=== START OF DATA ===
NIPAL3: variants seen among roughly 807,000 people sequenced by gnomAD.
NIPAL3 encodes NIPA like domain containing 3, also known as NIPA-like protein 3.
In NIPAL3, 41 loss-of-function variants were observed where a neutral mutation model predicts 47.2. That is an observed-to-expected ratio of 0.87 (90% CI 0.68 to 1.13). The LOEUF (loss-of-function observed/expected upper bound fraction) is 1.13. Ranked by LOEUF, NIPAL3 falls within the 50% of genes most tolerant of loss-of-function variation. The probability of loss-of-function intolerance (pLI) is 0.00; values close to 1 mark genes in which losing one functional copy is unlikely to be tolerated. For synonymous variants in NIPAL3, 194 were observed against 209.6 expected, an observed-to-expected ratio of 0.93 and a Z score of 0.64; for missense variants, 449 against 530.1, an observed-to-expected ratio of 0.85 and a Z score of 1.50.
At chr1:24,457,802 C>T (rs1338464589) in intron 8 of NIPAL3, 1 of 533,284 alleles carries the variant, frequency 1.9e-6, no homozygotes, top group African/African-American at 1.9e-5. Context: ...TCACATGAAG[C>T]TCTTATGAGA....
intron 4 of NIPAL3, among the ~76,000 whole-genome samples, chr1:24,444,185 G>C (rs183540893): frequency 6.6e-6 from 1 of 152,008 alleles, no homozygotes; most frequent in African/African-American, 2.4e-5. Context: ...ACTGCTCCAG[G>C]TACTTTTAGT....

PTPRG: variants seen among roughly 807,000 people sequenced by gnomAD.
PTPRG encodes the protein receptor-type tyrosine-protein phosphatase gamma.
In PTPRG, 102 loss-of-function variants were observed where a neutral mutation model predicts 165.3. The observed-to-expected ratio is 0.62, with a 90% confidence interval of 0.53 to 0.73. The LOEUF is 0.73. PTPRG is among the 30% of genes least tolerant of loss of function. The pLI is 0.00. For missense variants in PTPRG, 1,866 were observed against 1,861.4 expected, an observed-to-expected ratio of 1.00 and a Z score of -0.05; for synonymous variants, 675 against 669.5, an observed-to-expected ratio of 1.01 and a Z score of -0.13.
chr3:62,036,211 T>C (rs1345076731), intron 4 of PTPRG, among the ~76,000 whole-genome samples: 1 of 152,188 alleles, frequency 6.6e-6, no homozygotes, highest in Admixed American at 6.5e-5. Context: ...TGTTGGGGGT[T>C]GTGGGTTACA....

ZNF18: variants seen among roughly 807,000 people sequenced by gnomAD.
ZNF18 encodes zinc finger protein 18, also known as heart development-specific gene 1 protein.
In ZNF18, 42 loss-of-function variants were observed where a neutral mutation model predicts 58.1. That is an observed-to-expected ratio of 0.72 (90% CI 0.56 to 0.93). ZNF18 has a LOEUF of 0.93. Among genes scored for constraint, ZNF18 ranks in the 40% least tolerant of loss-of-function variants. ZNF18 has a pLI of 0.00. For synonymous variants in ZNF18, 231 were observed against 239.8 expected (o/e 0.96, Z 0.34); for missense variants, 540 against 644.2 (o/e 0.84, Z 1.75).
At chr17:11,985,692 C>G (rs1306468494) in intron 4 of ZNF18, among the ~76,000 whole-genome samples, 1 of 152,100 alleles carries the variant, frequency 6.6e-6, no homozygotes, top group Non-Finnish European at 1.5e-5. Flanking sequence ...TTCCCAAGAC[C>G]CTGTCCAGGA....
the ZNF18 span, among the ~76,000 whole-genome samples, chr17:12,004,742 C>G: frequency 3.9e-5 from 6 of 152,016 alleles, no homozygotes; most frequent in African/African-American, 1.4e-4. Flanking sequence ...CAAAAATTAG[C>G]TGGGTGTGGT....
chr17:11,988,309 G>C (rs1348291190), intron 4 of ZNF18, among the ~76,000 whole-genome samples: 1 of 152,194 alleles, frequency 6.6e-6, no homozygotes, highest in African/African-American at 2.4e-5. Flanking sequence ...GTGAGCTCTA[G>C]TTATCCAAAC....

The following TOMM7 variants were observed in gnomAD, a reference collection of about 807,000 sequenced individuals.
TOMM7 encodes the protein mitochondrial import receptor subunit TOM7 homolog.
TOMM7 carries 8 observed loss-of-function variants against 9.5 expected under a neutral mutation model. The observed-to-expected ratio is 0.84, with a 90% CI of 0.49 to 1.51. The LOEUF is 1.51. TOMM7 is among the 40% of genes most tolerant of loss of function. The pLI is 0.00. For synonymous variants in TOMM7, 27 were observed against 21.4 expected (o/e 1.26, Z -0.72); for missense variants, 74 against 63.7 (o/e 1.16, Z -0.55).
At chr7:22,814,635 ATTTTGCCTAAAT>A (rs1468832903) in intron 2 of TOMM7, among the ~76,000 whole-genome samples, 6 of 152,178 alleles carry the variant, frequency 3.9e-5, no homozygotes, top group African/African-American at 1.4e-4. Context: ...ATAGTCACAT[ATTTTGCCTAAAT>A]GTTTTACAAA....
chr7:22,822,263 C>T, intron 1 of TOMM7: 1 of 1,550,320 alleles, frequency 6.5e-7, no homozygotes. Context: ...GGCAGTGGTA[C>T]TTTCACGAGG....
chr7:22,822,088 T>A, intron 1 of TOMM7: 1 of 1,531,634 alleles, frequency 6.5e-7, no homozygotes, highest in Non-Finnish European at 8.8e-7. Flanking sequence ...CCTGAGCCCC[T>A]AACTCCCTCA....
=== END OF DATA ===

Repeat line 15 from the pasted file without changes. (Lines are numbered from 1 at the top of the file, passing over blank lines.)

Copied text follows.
chr17:11,988,309 G>C (rs1348291190), intron 4 of ZNF18, among the ~76,000 whole-genome samples: 1 of 152,194 alleles, frequency 6.6e-6, no homozygotes, highest in African/African-American at 2.4e-5. Flanking sequence ...GTGAGCTCTA[G>C]TTATCCAAAC....